Could we have accomplished this by continuing to take 10-day vacations for the rest of our lives? Maybe, I think many people do, but we decided to go “all in” on a year abroad. Follow our journey on Instagram @fromtechtotravel where we share the places we go, the people we meet, and the challenges we face while abroad!


We are From Tech to Travel and that is our perspective. What’s yours?

Every life has adventure, whether it’s booking a one-way ticket to the other side of the world or taking on a new project at work. What is your adventure? Or more importantly what is your “why” and “why now”?


Luke looking cool, Diana trying to look cool while catching her breath

Luke’s Perspective: Travel the World

Renting out your house, selling your cars, quitting jobs that you love, telling your friends and family goodbye… To many this sounds absolutely crazy, but for us this was the process that we went through before leaving the country on a one way ticket to travel the world for a year.

I’m not going to sugar coat it, this process isn’t for the faint of heart. You will let people down, you will lose your place on the corporate ladder climb, you will forfeit a significant amount of money, and you will wonder if your lives will be waiting for you when you come back; but in the end, taking the chance on a once in a lifetime trip around the world was the right choice for us.

Why did we decide to take this trip? And why now versus when we retire? All questions we had to answer to friends, family, and bosses prior to taking the leap.

Take a Step Back – Finding a Proactive Approach

An average work week for us was about 50-65 hours a week, not something to brag about, but what was required to achieve the results we wanted out of our roles. We often times would set goals in the mornings to put aside the reactive items pulling at us to read through an industry publication or take a training to fine tune a skill, but inevitably after 10 minutes a “firedrill” would find us and require our full attention.

Taking a step back to get to progress forward. It seems counter intuitive, but we faced a point in our careers where we felt it was the only way to truly progress. Could we have gone to grad school? Sure! Trading our emails and conference calls for study groups and tests would have traded our 50-65 hours a week into something else.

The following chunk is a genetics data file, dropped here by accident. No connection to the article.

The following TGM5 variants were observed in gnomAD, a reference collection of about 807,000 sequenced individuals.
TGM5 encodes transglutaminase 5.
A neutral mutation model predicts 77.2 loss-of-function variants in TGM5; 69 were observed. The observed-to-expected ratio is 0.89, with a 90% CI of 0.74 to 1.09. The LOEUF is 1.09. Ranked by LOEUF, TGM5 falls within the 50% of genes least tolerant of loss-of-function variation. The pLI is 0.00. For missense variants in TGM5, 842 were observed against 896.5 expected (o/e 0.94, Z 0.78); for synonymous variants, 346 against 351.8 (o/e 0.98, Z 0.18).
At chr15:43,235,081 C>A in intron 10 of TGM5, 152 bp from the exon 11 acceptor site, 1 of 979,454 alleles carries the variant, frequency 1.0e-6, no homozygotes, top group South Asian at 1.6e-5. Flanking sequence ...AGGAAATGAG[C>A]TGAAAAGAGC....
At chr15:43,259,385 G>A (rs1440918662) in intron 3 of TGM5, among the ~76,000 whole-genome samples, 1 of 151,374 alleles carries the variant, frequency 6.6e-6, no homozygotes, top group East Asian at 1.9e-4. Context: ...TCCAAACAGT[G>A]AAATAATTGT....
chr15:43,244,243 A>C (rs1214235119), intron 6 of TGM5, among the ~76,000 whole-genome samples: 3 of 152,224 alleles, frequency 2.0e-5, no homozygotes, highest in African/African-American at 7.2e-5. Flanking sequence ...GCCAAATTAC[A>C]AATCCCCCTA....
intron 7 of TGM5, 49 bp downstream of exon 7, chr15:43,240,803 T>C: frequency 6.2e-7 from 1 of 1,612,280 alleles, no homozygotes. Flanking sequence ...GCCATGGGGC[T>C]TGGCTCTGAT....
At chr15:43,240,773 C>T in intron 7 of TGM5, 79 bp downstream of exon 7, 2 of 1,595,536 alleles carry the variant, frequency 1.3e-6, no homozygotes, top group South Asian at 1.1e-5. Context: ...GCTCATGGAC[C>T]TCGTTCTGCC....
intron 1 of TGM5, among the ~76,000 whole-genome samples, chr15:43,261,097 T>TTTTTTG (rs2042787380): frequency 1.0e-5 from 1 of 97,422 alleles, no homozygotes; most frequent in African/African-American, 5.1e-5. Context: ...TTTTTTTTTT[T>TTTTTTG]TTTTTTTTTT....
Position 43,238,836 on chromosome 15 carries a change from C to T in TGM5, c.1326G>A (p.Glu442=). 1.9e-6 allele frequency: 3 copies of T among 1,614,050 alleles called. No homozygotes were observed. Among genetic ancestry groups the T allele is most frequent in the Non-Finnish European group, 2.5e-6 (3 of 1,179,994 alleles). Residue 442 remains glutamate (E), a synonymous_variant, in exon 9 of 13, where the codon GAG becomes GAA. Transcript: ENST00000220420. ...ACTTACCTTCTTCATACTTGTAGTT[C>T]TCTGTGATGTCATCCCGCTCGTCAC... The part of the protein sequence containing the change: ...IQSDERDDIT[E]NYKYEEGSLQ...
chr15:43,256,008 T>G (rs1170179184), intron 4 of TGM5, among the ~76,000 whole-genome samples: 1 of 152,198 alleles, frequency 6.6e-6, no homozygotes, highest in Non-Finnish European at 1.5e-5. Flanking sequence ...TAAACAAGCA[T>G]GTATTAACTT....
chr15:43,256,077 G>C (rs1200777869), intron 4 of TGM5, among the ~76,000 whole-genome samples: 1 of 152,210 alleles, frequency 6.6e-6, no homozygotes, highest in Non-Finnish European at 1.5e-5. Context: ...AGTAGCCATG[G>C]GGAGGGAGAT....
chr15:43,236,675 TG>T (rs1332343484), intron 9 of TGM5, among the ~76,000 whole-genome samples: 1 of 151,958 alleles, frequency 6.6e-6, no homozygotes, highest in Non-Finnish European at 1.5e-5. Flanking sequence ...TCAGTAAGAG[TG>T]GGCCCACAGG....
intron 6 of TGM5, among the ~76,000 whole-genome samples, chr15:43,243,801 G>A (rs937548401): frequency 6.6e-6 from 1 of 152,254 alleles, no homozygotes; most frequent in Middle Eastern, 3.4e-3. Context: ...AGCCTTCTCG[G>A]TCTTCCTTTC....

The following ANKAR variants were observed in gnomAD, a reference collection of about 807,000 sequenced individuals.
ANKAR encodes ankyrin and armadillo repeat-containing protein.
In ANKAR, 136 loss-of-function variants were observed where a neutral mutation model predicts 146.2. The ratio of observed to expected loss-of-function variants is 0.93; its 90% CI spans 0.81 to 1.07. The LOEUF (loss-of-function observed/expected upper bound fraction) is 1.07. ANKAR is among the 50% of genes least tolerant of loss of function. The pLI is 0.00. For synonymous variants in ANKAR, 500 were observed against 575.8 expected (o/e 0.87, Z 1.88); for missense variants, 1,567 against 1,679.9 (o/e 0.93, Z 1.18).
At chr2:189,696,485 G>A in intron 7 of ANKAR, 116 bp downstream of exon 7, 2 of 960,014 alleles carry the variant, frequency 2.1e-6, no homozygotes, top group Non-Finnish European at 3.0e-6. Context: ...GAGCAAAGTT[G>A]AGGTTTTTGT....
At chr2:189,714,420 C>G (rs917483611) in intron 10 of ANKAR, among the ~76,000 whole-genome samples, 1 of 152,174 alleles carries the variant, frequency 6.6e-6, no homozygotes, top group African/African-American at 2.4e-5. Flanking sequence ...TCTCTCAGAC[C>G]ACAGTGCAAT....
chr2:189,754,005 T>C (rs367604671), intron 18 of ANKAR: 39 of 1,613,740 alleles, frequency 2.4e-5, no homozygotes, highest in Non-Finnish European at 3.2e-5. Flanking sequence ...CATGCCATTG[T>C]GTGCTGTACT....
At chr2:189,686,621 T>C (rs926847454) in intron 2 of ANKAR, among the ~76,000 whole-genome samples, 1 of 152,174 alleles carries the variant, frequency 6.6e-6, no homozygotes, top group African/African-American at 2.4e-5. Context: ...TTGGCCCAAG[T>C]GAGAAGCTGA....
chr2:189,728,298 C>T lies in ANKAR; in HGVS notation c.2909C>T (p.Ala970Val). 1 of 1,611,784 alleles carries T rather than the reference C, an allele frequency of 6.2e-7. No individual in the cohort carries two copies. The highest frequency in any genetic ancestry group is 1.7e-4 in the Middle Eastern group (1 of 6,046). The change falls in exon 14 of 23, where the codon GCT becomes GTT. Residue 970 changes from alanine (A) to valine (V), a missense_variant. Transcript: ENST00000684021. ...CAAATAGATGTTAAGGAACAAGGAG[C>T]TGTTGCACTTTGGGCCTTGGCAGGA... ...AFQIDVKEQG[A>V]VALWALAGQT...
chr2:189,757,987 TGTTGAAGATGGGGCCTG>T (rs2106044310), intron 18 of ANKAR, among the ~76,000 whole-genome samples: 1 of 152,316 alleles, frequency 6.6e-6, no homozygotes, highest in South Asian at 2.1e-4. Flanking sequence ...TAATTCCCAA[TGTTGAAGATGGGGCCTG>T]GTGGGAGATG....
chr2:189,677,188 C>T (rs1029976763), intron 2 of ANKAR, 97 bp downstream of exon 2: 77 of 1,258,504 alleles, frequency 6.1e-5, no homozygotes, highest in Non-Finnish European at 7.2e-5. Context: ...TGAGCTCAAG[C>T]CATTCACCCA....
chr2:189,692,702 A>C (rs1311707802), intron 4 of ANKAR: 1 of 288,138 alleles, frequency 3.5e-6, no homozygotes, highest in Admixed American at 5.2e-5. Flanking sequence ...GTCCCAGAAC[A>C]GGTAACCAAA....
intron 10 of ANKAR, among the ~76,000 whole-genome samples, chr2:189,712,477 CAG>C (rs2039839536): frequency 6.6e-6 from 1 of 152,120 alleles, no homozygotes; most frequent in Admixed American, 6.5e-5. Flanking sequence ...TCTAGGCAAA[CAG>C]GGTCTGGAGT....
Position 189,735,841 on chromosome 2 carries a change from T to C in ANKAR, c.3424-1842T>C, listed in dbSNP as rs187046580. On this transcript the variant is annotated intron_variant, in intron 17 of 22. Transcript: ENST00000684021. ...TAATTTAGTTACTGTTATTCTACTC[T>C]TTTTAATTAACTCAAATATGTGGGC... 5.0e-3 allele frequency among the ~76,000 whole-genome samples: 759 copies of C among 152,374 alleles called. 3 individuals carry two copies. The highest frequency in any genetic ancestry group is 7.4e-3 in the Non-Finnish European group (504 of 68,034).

The society that we grew up in tells us that you should graduate high school, pick a college, graduate college, pick a job, have kids, work your way up the corporate ladder, then retire at the age of 65 and go see the world from behind the glass of a world cruise ship. To us this felt a little bit backwards. We felt that to truly understand what you want out of life, where you want to live, and what your passions are; you need to go experience everything that the world has to offer. We felt that it would be very difficult for us to learn this from the small and very comfortable bubble that we had built for our self in Houston, TX.

We wanted the opportunity to take a step back from our careers to explore the world and to put ourselves into new and uncomfortable situations that would allow us to grow as individuals and as a couple. We see the value in meeting people of all backgrounds, experiencing different cultures, eating different foods, and seeing all the beautiful sights that this world has to offer. To learn from these experiences so that we come back more knowledgeable about the world and more secure in what we want out of life. The goal is to come back as individuals who are stronger as family members, friends, and professionals; because of what we learned on this trip.


Diana taking a break from singing to smile for the camera

Finding a new way to live

So you might be asking yourself, what does one do with their time after they quit their job, leave all of their friends, and move to far away countries where it costs .20 cents a minute to call home and complain about being home sick?

Well, we are trying to figure that out now. The easiest part of the trip is the traveling part. You research where you want to go, book flights and accommodations, and head to that location to see all the beauty that it has to offer. We could easily put ourselves on a whirlwind tour, where we see a different place every 3 days and show up back at home a year later with lots of pretty pictures and stories; but that is what we are trying to avoid with this trip. We don’t want to travel through all of these new places, we want to live in them and experience what it’s like to be a member of these different cultures and societies. This trip is an opportunity for us to slow down, learn about ourselves, and what kind of passions we have when we don’t have a 60 hour work week tugging at us every day. It’s an opportunity to stop and smell the roses and to create better habits that we can continue when we come home. Thus far we have committed to working out nearly every morning, meditating, cooking breakfast together, reading and writing/journaling every day, researching how to write a book, studying the technology industry, and searching for new passions that we can devote our time to. We have tried to create a routine where we spend our mornings focused on these areas and then spend our afternoons exploring. Finding a good routine for this is still a work in process, but we are starting to get there.

Several of the questions that we get now that we have left are when are you coming home? Where will you move to? What will you do when you get back? Will you ever come back?

The true answer is that we don’t know and that’s the whole point. This is an opportunity to reset our expectations of life and come back with the confidence that we know where we want to live (because we’ve lived in all of the places), what we want to do (because we’ve studied ourselves and our passions), and how we want to do it (we’ve studied other cultures and how they do life). The goal is to come back and become contributing members of society (no, we don’t plan on being Nomads our entire life) who can raise a family with no regrets and have the confidence that where we live, who we are, and how we are doing things; is exactly the way we want to do it.